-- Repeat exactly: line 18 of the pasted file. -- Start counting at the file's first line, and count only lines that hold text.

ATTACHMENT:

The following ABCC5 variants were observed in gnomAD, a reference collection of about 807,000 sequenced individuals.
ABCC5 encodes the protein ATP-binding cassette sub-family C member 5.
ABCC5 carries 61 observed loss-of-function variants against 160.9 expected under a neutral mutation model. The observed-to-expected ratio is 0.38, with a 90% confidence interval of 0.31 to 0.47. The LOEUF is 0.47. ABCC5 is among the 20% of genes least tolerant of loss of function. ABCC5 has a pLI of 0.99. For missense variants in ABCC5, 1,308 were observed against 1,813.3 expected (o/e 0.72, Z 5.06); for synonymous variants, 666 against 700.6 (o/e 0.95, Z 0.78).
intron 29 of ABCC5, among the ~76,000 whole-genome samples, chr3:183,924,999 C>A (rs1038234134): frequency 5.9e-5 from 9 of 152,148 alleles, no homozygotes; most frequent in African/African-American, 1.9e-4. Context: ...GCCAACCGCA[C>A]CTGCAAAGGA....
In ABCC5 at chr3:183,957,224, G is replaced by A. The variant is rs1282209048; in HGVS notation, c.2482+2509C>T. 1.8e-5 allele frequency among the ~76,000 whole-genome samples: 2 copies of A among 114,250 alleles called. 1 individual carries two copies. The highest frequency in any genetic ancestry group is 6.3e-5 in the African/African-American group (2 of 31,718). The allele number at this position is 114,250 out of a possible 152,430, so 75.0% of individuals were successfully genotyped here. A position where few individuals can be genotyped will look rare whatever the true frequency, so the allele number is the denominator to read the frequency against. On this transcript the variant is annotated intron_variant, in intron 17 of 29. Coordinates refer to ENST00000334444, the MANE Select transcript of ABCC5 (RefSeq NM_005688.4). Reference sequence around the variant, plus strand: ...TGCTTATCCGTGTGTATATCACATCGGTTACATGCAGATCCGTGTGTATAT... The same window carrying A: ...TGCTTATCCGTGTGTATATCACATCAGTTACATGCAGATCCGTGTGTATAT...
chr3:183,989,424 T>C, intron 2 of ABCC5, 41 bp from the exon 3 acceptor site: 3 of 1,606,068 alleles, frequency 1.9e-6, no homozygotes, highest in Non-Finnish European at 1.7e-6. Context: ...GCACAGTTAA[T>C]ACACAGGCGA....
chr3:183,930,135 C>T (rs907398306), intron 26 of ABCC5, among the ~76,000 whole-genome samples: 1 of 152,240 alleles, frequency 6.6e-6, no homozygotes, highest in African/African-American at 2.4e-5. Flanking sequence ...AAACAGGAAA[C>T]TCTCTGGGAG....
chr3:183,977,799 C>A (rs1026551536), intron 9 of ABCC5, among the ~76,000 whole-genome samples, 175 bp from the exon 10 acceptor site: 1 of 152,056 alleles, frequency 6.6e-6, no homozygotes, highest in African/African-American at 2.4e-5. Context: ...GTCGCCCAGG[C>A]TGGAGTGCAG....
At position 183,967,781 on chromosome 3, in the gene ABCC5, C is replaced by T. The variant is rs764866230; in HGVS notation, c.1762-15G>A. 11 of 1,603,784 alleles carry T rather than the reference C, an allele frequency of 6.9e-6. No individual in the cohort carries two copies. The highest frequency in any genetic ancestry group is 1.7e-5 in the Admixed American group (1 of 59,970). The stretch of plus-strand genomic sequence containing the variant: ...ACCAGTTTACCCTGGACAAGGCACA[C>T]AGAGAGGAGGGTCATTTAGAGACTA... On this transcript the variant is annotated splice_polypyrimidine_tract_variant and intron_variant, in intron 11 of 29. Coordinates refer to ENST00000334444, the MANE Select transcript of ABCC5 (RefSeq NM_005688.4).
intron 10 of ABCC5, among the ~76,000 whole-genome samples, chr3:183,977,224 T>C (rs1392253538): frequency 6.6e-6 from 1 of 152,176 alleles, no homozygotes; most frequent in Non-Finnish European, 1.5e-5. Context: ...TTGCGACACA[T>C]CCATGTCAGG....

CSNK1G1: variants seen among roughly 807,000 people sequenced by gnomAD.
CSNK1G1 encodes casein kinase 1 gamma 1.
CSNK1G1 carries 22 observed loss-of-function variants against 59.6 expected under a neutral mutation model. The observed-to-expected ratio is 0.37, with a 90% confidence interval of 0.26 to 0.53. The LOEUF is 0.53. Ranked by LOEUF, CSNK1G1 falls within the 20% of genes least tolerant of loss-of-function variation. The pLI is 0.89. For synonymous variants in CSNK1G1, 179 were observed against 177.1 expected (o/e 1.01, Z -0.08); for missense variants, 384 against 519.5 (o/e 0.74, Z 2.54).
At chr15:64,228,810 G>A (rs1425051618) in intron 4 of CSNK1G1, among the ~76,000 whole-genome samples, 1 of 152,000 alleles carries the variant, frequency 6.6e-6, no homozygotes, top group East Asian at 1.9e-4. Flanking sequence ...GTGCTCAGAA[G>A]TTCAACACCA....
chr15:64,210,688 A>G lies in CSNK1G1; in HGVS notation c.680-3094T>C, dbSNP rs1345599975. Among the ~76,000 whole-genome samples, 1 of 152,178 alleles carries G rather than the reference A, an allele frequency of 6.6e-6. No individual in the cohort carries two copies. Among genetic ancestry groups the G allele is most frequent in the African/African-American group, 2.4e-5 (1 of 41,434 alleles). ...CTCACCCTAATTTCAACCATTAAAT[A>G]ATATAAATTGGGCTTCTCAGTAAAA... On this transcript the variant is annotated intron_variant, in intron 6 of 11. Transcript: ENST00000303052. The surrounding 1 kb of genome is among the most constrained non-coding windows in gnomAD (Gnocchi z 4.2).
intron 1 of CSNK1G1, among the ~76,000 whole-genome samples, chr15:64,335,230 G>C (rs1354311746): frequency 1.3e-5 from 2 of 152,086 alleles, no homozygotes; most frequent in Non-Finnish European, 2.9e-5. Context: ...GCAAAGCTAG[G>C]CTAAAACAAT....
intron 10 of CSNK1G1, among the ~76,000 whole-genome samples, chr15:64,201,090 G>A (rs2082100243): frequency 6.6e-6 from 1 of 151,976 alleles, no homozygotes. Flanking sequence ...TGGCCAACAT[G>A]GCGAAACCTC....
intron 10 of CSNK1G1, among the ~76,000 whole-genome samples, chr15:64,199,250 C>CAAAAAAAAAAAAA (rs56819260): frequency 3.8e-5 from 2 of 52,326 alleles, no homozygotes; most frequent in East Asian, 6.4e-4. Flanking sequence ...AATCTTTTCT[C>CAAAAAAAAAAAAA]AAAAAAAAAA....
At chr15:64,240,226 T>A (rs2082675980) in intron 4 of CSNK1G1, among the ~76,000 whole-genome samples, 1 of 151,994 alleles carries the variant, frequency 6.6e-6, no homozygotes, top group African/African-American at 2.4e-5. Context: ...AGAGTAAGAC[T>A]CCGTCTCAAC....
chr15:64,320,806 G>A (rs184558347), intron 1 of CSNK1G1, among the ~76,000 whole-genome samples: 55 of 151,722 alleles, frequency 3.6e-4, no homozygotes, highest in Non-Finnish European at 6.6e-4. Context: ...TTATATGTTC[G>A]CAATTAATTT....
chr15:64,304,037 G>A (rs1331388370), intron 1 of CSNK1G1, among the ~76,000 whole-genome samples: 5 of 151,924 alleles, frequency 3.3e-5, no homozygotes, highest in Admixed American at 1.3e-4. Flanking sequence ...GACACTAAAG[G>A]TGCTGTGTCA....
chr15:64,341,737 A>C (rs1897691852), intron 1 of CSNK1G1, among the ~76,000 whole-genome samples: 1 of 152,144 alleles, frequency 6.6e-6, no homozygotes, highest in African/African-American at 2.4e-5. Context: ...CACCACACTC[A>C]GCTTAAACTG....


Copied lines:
intron 10 of CSNK1G1, among the ~76,000 whole-genome samples, chr15:64,199,250 C>CAAAAAAAAAAAAA (rs56819260): frequency 3.8e-5 from 2 of 52,326 alleles, no homozygotes; most frequent in East Asian, 6.4e-4. Flanking sequence ...AATCTTTTCT[C>CAAAAAAAAAAAAA]AAAAAAAAAA....